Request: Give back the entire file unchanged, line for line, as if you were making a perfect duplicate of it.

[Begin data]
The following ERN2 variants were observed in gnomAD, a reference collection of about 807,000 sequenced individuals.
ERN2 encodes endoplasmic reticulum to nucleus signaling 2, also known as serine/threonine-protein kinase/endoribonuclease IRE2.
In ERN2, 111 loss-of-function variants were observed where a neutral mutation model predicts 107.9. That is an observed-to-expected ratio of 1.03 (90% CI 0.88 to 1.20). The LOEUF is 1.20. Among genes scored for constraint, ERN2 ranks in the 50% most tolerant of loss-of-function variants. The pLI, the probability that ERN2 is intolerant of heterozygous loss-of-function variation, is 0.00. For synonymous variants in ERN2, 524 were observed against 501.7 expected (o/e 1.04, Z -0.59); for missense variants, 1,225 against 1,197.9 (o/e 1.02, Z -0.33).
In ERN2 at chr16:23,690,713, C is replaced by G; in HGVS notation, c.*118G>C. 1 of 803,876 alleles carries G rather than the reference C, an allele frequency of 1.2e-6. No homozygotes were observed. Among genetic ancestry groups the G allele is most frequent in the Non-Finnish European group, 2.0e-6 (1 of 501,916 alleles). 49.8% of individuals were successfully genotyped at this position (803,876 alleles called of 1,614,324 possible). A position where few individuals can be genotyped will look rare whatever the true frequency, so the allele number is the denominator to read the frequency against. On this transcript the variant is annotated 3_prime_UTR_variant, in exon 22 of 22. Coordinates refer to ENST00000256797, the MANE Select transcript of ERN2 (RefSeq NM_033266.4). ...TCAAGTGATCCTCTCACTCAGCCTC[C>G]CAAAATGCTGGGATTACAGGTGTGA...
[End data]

The following ERN2 variants were observed in gnomAD, a reference collection of about 807,000 sequenced individuals.
ERN2 encodes endoplasmic reticulum to nucleus signaling 2, also known as serine/threonine-protein kinase/endoribonuclease IRE2.
In ERN2, 111 loss-of-function variants were observed where a neutral mutation model predicts 107.9. That is an observed-to-expected ratio of 1.03 (90% CI 0.88 to 1.20). The LOEUF is 1.20. Among genes scored for constraint, ERN2 ranks in the 50% most tolerant of loss-of-function variants. The pLI, the probability that ERN2 is intolerant of heterozygous loss-of-function variation, is 0.00. For synonymous variants in ERN2, 524 were observed against 501.7 expected (o/e 1.04, Z -0.59); for missense variants, 1,225 against 1,197.9 (o/e 1.02, Z -0.33).
In ERN2 at chr16:23,690,713, C is replaced by G; in HGVS notation, c.*118G>C. 1 of 803,876 alleles carries G rather than the reference C, an allele frequency of 1.2e-6. No homozygotes were observed. Among genetic ancestry groups the G allele is most frequent in the Non-Finnish European group, 2.0e-6 (1 of 501,916 alleles). 49.8% of individuals were successfully genotyped at this position (803,876 alleles called of 1,614,324 possible). A position where few individuals can be genotyped will look rare whatever the true frequency, so the allele number is the denominator to read the frequency against. On this transcript the variant is annotated 3_prime_UTR_variant, in exon 22 of 22. Coordinates refer to ENST00000256797, the MANE Select transcript of ERN2 (RefSeq NM_033266.4). ...TCAAGTGATCCTCTCACTCAGCCTC[C>G]CAAAATGCTGGGATTACAGGTGTGA...